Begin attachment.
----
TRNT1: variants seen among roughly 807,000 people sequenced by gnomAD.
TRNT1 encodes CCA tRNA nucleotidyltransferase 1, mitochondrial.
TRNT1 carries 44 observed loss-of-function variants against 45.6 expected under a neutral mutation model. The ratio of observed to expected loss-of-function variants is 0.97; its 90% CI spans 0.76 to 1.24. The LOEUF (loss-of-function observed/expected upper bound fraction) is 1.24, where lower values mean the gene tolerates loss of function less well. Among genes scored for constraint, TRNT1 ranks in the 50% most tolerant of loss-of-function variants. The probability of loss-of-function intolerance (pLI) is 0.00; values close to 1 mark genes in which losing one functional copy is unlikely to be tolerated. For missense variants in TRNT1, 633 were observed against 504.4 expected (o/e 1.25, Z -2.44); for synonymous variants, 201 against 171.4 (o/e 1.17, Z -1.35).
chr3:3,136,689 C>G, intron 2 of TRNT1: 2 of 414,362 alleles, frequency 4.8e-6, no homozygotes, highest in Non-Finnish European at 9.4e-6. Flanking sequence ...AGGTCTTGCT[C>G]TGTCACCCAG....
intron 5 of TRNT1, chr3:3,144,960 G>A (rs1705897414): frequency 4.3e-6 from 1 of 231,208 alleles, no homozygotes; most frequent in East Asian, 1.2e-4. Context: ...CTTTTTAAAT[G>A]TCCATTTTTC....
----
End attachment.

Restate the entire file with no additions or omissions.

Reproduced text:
TRNT1: variants seen among roughly 807,000 people sequenced by gnomAD.
TRNT1 encodes CCA tRNA nucleotidyltransferase 1, mitochondrial.
TRNT1 carries 44 observed loss-of-function variants against 45.6 expected under a neutral mutation model. The ratio of observed to expected loss-of-function variants is 0.97; its 90% CI spans 0.76 to 1.24. The LOEUF (loss-of-function observed/expected upper bound fraction) is 1.24, where lower values mean the gene tolerates loss of function less well. Among genes scored for constraint, TRNT1 ranks in the 50% most tolerant of loss-of-function variants. The probability of loss-of-function intolerance (pLI) is 0.00; values close to 1 mark genes in which losing one functional copy is unlikely to be tolerated. For missense variants in TRNT1, 633 were observed against 504.4 expected (o/e 1.25, Z -2.44); for synonymous variants, 201 against 171.4 (o/e 1.17, Z -1.35).
chr3:3,136,689 C>G, intron 2 of TRNT1: 2 of 414,362 alleles, frequency 4.8e-6, no homozygotes, highest in Non-Finnish European at 9.4e-6. Flanking sequence ...AGGTCTTGCT[C>G]TGTCACCCAG....
intron 5 of TRNT1, chr3:3,144,960 G>A (rs1705897414): frequency 4.3e-6 from 1 of 231,208 alleles, no homozygotes; most frequent in East Asian, 1.2e-4. Context: ...CTTTTTAAAT[G>A]TCCATTTTTC....